3 years ago

Key Māori values strengthen the mapping of forest ecosystem services

Different value-belief systems influence the importance placed upon ecosystem services (ES) and their benefits, in particular cultural ecosystem services. We mapped forest values to interview narratives across four biocultural themes deemed relevant by Tuawhenua Māori in New Zealand: (1) importance of place; (2) capacity of forest to provide; (3) connection between forest and community; and (4) future aspirations. Mauri (life force), mahinga kai (food procurement), oranga (human well-being) and te ohanga whai rawa (economic development) were the values identified most frequently across the four community-based themes. Ahikāroa (connection with place) and mahinga kai were the most frequently assigned values to Themes 1 and 2 respectively, while mauri was the value expressed most frequently in relation to Themes 3 and 4. While provisioning services contribute to the immediate well-being of indigenous peoples, cultural services associated with these activities are also vitally significant as they constitute the embodiment and growth of the culture and cannot be substituted. The comprehensive articulation of indigenous peoples’ values within an ES framework can assist with developing a common language within environmental decision-making processes and tools across cultures.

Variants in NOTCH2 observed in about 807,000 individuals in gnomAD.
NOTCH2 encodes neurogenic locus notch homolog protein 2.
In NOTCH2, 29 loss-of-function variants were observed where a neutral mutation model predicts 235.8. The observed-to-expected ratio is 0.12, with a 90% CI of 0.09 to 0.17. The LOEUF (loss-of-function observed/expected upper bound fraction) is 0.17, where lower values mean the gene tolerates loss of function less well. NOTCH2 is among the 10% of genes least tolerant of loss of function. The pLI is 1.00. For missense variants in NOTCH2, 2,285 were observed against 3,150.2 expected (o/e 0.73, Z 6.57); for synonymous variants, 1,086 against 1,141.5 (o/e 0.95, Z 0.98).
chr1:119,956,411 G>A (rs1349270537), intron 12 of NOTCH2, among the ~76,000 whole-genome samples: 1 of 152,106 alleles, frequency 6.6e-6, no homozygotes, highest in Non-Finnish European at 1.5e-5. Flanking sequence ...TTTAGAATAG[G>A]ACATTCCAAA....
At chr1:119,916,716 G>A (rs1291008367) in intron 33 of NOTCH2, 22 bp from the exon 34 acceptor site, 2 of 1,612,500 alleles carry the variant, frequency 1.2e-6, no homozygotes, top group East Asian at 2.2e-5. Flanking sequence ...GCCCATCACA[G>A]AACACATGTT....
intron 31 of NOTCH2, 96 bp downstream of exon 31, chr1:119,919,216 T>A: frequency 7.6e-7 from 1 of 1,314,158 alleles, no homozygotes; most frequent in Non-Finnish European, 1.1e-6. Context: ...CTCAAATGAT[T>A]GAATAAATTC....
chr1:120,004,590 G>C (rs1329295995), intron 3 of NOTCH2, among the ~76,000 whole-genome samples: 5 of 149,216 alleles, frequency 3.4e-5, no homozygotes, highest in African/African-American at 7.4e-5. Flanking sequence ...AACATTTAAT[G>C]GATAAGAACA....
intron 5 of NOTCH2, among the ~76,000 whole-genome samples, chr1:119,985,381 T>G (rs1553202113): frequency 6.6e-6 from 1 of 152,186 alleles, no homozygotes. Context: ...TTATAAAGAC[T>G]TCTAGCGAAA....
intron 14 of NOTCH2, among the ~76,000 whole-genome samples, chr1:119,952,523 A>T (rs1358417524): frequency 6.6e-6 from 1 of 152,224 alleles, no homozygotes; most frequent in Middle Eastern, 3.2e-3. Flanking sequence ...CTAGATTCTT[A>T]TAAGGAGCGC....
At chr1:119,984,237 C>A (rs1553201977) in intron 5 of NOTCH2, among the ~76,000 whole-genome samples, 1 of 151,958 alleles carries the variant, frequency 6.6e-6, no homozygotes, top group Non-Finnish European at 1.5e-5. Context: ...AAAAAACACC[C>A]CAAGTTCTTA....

Publisher URL: www.sciencedirect.com/science

DOI: S2212041617302711

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